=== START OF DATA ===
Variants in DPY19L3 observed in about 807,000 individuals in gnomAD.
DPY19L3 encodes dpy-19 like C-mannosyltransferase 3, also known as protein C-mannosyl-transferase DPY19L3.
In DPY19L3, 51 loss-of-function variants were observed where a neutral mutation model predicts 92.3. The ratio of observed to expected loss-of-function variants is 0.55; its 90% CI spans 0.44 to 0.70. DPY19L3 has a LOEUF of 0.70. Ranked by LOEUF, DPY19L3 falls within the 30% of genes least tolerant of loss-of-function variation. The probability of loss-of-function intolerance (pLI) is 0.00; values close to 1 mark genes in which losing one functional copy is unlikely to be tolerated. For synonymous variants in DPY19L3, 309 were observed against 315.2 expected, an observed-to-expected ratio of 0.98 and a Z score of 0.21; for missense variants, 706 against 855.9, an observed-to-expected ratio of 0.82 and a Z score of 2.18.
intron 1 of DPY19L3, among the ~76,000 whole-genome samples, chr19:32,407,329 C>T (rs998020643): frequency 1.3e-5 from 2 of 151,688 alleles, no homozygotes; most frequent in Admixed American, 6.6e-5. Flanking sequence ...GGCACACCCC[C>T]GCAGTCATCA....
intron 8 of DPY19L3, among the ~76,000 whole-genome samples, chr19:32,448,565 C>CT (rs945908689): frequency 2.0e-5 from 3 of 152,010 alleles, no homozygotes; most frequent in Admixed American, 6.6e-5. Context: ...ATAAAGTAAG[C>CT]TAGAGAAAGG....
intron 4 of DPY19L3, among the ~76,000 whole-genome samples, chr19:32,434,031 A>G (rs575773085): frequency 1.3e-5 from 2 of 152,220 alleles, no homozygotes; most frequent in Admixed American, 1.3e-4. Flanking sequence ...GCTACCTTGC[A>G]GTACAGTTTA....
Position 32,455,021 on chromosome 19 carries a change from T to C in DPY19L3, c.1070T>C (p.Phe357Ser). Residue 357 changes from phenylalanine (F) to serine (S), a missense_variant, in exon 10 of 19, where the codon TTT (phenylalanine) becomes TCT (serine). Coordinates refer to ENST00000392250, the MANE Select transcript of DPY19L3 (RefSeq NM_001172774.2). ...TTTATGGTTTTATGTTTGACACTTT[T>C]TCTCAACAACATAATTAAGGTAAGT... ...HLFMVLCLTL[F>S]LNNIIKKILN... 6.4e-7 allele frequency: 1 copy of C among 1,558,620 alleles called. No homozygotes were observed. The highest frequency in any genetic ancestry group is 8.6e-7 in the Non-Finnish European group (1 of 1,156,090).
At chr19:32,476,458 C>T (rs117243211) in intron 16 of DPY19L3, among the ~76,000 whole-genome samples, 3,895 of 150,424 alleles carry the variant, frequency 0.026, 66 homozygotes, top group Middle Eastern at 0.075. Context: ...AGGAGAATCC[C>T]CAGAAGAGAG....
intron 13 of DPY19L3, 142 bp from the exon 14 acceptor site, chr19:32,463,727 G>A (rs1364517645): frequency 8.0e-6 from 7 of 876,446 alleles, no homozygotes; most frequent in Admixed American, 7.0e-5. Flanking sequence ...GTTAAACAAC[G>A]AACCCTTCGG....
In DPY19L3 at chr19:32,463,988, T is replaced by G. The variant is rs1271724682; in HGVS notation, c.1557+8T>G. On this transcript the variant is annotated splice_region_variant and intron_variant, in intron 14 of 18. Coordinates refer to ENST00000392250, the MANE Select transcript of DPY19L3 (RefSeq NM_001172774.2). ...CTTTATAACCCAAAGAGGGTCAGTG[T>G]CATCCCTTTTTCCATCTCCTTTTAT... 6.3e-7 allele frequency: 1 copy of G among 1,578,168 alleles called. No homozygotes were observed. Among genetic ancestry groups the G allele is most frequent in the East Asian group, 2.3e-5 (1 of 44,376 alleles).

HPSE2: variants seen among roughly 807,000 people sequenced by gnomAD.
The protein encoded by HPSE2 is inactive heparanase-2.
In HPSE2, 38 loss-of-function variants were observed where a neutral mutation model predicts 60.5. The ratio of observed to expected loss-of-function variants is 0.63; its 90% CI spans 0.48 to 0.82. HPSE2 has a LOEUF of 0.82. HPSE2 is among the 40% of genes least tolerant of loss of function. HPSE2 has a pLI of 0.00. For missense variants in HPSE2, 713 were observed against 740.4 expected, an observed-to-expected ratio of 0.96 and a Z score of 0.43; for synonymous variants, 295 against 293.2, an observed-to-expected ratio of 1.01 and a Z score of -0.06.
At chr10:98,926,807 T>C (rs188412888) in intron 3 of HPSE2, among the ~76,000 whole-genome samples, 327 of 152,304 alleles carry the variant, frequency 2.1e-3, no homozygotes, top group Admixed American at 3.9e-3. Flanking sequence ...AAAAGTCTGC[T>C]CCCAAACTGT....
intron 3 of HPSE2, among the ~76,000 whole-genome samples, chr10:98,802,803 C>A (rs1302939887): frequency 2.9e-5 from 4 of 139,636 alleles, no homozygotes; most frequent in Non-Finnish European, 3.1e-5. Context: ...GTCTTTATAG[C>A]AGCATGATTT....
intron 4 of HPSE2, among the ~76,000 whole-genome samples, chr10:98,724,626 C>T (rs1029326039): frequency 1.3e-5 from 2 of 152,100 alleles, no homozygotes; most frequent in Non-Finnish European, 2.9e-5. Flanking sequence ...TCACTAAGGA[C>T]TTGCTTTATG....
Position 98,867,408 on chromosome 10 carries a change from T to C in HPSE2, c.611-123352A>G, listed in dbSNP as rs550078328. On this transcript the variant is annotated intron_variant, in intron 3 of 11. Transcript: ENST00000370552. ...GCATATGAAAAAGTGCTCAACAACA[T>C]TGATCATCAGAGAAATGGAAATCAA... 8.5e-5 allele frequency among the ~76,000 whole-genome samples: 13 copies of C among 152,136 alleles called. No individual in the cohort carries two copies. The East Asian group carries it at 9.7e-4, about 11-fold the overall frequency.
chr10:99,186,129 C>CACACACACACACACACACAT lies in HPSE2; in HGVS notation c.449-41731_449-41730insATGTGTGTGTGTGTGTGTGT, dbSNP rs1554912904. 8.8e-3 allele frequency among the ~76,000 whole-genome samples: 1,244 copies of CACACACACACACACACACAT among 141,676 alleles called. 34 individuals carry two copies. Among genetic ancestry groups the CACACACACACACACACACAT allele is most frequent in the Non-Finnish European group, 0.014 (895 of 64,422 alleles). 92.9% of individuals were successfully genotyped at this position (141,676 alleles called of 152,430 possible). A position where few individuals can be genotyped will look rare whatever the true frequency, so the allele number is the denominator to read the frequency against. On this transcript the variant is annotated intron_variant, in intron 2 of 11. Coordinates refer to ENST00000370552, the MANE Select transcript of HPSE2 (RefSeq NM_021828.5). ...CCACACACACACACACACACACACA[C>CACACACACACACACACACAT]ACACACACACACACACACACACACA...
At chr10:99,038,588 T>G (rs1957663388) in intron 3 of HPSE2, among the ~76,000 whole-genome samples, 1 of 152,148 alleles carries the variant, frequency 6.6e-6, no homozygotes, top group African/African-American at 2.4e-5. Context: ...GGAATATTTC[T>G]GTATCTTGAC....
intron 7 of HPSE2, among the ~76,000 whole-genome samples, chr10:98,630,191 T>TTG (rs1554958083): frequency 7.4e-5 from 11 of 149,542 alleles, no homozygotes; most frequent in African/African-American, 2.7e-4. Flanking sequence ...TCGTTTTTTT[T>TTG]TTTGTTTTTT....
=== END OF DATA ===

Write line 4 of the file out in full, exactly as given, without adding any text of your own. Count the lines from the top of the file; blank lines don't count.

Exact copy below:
intron 1 of DPY19L3, among the ~76,000 whole-genome samples, chr19:32,407,329 C>T (rs998020643): frequency 1.3e-5 from 2 of 151,688 alleles, no homozygotes; most frequent in Admixed American, 6.6e-5. Flanking sequence ...GGCACACCCC[C>T]GCAGTCATCA....